Why reading with your toddler is important

Sharing stories, talking and singing every day helps your child’s development in lots of ways.

You’re getting your child familiar with sounds, words, language, print and, eventually, the value and joy of books. This all builds your child’s early literacy skills and helps him go on to read successfully later in childhood.

Reading stories also stimulates your child’s imagination and helps her learn about the world around her.

And reading together creates a precious time for bonding with your child.

You can start reading to your child as early as you like – the earlier the better. Our articles on reading and storytelling with children and developing literacy have more information to get you and your child started.

Sharing books with your toddler

At this age and stage, reading with your child is all about having fun with books, spending special time together and modelling a love of books.

Here are some tips that can help you and your budding reader make the most of book time:

  • Help your child choose a book, then ask him to hold the book and turn the pages.
  • Get your child to fill in the words in a story she knows. Also try pausing and letting her finish sentences for you.
  • Ask your toddler to name what he sees in the pictures.
  • Talk with your toddler about the sounds animals make.
  • Sing nursery rhymes and fun songs together.

These general tips are helpful for reading and storytelling with most young children:

  • Make a routine, and try to share at least one book every day. The routine could include a special reading space – for example, a chair, lounge or beanbag that’s big and comfortable enough for you and your child, with a box of books or bookshelf nearby.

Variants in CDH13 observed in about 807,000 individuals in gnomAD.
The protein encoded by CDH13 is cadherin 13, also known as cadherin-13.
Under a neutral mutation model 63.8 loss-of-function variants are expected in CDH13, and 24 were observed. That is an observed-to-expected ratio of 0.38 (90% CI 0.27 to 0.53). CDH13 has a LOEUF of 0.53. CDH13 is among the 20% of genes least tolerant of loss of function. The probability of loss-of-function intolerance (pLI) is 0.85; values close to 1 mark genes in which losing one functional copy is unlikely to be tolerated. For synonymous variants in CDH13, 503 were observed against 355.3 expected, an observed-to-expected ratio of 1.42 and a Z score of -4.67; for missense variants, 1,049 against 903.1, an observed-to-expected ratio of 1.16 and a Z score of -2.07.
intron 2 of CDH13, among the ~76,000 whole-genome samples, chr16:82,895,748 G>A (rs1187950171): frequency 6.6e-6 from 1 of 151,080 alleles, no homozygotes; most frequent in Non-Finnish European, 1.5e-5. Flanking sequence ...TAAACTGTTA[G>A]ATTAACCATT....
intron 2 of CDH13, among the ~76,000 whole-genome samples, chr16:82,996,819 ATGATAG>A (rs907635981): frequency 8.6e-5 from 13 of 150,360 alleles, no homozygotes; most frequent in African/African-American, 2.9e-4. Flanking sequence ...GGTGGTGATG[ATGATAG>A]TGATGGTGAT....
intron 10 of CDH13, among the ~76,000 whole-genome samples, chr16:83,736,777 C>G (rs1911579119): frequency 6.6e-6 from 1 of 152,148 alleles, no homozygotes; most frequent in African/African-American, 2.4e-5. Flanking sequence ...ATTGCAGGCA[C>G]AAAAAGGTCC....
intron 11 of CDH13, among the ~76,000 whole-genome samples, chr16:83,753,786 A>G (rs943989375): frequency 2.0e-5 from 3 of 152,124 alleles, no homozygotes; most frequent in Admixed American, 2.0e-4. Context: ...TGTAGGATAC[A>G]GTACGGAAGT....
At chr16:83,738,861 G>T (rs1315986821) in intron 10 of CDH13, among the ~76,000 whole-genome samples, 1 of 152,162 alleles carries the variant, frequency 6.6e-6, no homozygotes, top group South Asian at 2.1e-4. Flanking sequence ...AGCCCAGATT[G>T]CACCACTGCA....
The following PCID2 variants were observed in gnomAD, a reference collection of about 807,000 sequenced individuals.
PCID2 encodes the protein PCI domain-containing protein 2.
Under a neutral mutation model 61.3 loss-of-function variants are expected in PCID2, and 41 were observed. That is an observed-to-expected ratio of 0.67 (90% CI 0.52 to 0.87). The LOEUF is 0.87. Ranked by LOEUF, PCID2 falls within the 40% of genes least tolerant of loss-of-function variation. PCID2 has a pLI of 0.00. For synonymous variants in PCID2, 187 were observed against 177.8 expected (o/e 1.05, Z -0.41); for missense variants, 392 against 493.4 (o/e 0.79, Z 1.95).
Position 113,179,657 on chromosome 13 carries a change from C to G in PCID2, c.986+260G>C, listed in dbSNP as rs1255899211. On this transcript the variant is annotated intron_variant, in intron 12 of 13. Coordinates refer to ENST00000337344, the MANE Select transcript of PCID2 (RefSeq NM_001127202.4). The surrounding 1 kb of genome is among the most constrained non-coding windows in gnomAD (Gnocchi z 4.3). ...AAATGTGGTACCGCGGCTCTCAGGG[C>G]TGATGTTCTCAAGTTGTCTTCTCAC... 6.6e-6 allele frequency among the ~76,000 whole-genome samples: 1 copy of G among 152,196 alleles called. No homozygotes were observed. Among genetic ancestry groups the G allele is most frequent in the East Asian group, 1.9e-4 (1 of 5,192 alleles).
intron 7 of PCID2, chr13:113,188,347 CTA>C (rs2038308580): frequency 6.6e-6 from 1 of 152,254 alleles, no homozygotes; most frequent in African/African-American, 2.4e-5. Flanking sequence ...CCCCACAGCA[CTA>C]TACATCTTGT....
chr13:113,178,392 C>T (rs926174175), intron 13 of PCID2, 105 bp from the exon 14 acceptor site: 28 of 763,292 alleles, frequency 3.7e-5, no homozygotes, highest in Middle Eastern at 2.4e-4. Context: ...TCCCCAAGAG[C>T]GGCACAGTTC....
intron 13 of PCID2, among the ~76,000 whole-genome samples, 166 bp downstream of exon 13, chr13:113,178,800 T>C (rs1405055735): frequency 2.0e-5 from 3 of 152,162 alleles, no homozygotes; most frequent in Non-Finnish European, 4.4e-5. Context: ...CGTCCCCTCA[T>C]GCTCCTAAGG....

• Make reading and storytelling relaxed and fun so that your child looks forward to it. There’ll be days when she doesn’t want to spend a long time reading, and that’s OK. Just be guided by her interest.
  • Turn off the TV or radio, and find a quiet space to read so your child can focus and listen to your voice.
  • Hold your child close or on your knee while you read so he can see your face and the book.
  • Involve your child in reading by encouraging talk about the pictures, and by repeating familiar words or passages. Try out funny noises and sounds – play and have fun!
  • If she wants to, let your child choose the books. She might have favourite authors and illustrators. Be prepared to read your child’s favourite books over and over again!
Ebooks can be handy, especially if you’re travelling or away from home. If your child wants to read ebooks, share them with your child and choose stories without distracting animations or games. Ebooks shouldn’t replace paper books. It’s important to balance screen time with other activities.

What to read with your toddler

There are so many books to choose from that it can be hard to know where to start.

In general, young children often enjoy books that have good rhyme, rhythm and repetition – and these qualities can help children learn. Books that are the right length for your child will keep him engaged.

Toddlers might especially enjoy:

  • books with animals and animal noises
  • books about a favourite topic, like cars, trucks, fairies, pets, stars and planets, music, castles, the ocean, princesses or trains
  • books about playtime that relate to their experiences
  • lift-the-flap and pop-up books – at this age, children can have fun with books with moveable pieces.

Here are some great books for toddlers:

  • Crocodile beat by Gail Jorgensen and Patricia Mullins
  • On your potty by Virginia Miller
  • Rumble in the jungle pop-up book by Giles Andreae and David Wojtowycz
  • Time for bed by Mem Fox
  • The very hungry caterpillar by Eric Carle
  • The wheels on the bus by Penny Dann
  • What colour are your knickers by Sam Lloyd
  • The whose … series by Jeanette Rowe, which includes Whose baby? and Whose nose?
  • I went walking by Sue Williams
  • Peepo by Janet and Allan Ahlberg
  • Each peach, pear, plum by Janet and Allan Ahlberg
  • Cuddle time by Libby Gleeson
  • The Gruffalo by Julia Donaldson
  • The Hairy Maclary collection by Lynley Dodd.

Why not visit your local library? It’s free to join and borrow. The staff will be able to recommend books for you and your child to enjoy.

For more story ideas, let storyteller Anne E. Stewart introduce you and your child to ‘Mook Mook the owl’‘The crocodile’‘The old lady and the mosquito’ and ‘How the years were named for the animals’.